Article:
Online schooling and distance education in the times of plague? Don’t be afraid, Public Systems have been doing and improving it for 100 years

Press Release 834

AUSTRALIAN COUNCIL FOR THE DEFENCE OF GOVERNMENT

SCHOOLS

PRESS RELEASE 834

Online schooling and distance education in the times of plague?

Don’t be afraid, Public Systems have been doing and improving it for 100 years

The issue of school closures as a sensible response to the COVID-19 pandemic prompted fierce debate as the virus spread into the Australian community. Federal and State Governments were at loggerheads.

But many parents, at least those who could, -  walked with their feet - into home schooling.

And this is where public education, over the century has once again, been the quiet achiever. As Philip Roberts and Natalie Downes on an Australian educational research blog on March 23 2020 pointed out:

Amid all the concerns about closing schools and setting up online learning In Australia it is important to note that Australia is actually a world leader in school distance education. Indeed, distance learning is not only achievable for Australian students, but very normal for many students around our large island continent. In rural and remote regions of Australia, students have been learning ‘by distance’ since the inception of ‘school of the air’ in Alice Springs over 100 years ago.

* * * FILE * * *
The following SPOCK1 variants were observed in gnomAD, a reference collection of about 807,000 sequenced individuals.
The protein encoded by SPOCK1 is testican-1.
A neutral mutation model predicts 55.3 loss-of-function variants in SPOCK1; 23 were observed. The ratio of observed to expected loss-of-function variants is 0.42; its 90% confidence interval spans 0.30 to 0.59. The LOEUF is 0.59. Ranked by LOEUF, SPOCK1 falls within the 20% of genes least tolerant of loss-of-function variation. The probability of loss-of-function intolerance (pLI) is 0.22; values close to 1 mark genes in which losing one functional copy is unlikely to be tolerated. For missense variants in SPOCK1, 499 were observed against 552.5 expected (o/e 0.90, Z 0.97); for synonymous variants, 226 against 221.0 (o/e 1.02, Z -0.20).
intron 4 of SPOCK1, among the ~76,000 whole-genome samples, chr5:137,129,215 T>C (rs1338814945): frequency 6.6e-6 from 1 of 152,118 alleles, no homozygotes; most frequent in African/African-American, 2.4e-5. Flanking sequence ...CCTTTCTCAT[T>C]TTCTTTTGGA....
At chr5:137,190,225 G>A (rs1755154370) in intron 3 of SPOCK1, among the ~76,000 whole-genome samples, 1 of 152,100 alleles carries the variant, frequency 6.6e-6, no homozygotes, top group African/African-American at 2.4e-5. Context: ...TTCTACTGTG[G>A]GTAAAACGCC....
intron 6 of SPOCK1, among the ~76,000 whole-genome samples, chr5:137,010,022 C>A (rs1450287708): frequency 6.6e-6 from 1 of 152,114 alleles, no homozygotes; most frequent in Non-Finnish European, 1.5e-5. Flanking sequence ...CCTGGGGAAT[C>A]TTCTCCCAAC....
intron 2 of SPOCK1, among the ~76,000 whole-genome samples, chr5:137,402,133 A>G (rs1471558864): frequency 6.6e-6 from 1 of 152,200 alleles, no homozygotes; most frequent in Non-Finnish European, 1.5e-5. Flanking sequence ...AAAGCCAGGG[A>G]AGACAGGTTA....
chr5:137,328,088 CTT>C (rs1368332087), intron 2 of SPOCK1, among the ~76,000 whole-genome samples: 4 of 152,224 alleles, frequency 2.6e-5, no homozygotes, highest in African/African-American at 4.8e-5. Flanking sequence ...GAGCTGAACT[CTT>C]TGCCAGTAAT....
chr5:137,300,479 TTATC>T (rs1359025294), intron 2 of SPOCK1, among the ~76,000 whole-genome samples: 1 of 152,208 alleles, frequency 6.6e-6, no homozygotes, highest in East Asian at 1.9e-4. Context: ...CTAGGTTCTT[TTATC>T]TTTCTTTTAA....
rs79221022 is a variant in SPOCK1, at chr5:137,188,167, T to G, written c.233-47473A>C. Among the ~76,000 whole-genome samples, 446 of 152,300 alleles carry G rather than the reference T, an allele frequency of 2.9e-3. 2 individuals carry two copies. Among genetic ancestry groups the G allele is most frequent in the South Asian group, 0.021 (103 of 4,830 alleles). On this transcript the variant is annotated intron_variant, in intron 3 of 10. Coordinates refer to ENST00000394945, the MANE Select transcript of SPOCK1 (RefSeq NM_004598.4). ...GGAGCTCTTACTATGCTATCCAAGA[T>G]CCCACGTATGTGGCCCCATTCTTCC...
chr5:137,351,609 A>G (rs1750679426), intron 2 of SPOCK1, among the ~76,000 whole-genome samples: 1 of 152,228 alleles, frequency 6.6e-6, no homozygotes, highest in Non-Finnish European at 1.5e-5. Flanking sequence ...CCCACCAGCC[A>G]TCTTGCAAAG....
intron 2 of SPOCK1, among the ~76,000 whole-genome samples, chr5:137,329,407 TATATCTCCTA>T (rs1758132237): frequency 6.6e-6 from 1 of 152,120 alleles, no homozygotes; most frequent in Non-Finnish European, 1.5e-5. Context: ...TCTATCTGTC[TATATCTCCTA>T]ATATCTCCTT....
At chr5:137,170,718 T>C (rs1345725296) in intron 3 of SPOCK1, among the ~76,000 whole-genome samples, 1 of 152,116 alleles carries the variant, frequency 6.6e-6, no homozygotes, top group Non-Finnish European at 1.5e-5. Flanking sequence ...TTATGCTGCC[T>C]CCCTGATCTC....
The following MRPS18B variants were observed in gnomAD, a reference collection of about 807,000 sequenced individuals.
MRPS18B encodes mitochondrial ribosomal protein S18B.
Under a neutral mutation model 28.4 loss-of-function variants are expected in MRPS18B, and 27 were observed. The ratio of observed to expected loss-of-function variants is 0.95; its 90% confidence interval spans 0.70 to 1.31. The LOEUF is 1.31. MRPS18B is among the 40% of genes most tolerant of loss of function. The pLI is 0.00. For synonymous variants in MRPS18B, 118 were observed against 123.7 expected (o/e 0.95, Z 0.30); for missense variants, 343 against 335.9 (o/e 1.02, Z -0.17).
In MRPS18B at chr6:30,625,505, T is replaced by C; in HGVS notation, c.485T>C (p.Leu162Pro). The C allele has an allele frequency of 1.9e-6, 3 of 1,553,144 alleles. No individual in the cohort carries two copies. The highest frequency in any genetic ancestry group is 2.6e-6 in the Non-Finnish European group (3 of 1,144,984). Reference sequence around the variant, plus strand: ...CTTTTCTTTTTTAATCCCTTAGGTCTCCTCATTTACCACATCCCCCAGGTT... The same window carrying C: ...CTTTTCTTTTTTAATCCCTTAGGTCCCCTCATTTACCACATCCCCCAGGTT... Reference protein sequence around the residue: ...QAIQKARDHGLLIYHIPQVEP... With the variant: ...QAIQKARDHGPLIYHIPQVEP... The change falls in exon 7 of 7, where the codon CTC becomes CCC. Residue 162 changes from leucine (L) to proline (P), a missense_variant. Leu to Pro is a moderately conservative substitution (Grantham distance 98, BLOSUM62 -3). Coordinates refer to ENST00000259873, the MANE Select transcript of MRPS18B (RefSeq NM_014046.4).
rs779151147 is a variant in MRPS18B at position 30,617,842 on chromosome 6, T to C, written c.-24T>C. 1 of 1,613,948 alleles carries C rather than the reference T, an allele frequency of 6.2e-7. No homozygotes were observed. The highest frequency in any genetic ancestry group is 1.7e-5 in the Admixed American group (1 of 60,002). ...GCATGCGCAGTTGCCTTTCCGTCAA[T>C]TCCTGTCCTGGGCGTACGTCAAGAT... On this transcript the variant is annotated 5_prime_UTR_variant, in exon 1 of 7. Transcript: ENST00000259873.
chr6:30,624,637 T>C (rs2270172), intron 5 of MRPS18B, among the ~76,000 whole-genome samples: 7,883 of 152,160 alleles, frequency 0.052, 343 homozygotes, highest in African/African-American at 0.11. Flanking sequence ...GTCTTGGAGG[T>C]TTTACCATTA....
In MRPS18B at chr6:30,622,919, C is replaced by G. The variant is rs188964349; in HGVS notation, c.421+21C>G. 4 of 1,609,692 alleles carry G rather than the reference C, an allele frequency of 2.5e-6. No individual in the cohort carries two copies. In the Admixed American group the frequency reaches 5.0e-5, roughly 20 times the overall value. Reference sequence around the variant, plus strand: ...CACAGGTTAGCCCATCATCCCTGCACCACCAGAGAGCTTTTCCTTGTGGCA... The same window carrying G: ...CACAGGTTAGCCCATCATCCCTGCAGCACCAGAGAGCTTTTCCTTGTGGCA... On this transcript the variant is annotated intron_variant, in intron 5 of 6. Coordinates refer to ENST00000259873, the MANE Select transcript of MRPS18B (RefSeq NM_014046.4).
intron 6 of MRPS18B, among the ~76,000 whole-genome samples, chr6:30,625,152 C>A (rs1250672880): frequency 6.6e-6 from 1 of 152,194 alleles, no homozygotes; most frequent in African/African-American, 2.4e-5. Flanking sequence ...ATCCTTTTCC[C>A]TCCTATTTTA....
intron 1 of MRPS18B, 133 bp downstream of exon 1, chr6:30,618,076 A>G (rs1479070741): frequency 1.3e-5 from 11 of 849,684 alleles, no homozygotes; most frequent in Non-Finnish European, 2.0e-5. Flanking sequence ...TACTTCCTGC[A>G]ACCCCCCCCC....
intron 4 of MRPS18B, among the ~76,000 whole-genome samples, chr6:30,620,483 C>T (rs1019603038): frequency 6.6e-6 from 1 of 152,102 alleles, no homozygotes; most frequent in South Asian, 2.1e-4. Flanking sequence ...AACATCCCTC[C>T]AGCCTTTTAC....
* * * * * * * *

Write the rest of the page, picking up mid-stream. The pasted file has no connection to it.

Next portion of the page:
And in Victoria we have,formerly known as Distance Education Centre Victoria, Virtual School Victoria . This is one of the largest state government schools in Victoria, dating back to 1909. Their teaching model is based on the most extensive evidence-based research conducted into virtual learning in Australia.

The Education Department has also issued extensive and clear advice on Learning from home in a School Setting.

However, there is one essential matter missing.

Not all public school children, and even a few private school children may not have access to either an internet service or a computer at home. And even if they do, the NBN is still not universally available or, where it is,  even operational.The Grattan Institute has looked at this problem. Julie Sonnerman for example, from the Grattan Institute has written a very useful article on this question entitled: Disadvantaged students will be hit hardest by the enforced move to online schooling

And it is also essential that online learning is not privatised as in the Charter School online movement in America. Educational opportunity should no longer be at the mercy of the ‘hypercapital’ market.

Necessity being the mother of invention, perhaps the Morrison and Andrews Government will be forced back, past the days of privatisation and hypercapitalism, to responsible government, namely government which provides and accounts for essential services: education, health, transport, energy, and communication. 

 

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